- Customer lifecycle, not surveys, gives you more insights on customer experience.
- A better customer experience should improve, not hinder, the performance of other departments.
- Staff and internal systems should be adaptive to evolving customer relationship.
It is always tricky to make a convincing business case for improving customer experience. Firstly, you should thoroughly understand the customer lifecycle and the experience in key stages. Secondly, you should ensure high staff engagement. Thirdly, you should make sure the proposed experience improvement also enhances, not hinders, the performance of other departments. Finally, internal processes and systems should be agile enough to adapt to the evolving customer relationship.
Customer-centric targets are often not the primary metrics in measuring business performance. Business cases are reviewed based on criteria that seldom include customer metrics or goals. It is the missing link between customer experience and business performance that makes the former a tough sell.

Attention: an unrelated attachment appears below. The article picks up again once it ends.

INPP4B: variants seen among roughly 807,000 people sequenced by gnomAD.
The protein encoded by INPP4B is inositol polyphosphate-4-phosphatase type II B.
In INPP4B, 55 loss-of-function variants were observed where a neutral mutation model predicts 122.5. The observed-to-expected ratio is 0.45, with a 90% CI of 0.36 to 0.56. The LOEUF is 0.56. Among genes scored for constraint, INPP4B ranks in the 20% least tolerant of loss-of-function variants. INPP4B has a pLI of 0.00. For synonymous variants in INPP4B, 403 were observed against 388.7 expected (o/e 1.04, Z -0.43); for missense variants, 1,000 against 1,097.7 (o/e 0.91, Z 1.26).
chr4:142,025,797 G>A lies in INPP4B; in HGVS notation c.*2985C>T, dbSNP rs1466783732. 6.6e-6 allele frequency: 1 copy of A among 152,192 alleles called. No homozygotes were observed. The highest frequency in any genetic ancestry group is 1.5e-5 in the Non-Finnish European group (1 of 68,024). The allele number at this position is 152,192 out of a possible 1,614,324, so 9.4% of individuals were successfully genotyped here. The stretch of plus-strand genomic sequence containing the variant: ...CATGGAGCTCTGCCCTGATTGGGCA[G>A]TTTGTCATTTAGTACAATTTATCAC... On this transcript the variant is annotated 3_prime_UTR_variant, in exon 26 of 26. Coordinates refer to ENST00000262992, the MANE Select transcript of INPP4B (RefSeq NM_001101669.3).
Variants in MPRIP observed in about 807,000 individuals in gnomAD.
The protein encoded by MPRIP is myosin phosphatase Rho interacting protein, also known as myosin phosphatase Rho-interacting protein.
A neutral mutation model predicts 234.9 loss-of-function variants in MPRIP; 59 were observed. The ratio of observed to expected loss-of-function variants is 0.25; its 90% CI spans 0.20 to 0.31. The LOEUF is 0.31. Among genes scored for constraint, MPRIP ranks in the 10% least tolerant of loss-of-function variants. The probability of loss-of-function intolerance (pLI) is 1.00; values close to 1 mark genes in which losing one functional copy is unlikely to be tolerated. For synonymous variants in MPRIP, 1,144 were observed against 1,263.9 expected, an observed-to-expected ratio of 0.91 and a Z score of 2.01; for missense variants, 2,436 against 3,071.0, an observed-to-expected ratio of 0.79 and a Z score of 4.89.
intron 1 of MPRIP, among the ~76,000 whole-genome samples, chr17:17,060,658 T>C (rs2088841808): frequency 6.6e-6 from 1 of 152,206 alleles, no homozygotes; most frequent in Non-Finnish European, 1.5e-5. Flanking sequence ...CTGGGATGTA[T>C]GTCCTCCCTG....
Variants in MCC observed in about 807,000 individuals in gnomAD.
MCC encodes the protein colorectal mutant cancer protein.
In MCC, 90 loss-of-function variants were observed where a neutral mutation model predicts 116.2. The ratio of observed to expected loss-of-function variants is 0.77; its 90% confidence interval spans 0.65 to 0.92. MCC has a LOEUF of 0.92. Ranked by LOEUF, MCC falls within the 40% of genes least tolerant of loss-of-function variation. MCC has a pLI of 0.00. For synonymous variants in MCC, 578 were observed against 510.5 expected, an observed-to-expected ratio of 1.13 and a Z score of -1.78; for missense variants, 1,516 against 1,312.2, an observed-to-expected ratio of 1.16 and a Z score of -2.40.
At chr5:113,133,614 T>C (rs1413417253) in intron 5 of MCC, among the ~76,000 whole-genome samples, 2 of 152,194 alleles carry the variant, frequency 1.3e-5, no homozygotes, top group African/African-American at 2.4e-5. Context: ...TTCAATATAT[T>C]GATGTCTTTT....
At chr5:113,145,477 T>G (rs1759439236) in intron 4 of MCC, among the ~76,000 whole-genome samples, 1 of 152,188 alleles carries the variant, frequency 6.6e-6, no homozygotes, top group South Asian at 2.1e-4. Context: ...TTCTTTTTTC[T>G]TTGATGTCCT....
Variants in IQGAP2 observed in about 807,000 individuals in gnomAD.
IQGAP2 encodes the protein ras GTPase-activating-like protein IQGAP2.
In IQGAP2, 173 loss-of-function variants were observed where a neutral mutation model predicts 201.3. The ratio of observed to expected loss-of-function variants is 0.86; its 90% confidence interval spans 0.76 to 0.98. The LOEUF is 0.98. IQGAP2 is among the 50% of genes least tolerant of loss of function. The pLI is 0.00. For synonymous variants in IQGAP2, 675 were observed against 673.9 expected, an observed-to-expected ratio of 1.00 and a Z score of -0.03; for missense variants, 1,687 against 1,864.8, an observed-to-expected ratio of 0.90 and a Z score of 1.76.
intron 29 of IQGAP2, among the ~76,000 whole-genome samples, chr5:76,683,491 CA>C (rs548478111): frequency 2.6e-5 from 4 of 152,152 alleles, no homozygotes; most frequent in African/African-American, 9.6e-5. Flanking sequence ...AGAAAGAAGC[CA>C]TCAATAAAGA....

Surveys don’t tell you much
Surveys, questionnaires and polls are subjected to various biases, and at best offer a fragmented view of your customers and the context of their experience. However, customers are experiencing an organisation as a whole. Therefore, these tools are particularly unhelpful when customers are engaged with multiple interactions and subjected to outside influences. The best alternative is to find out how positive or negative the customer experience is at different key stages of the customer lifecycle.
Improve staff experience
Staff have tremendous influence on customer experience. It is important to understand how to improve staff experience and to identify drivers that change their behaviour. Changing behaviour usually requires a combination of operational efficiency improvement, training and higher staff engagement.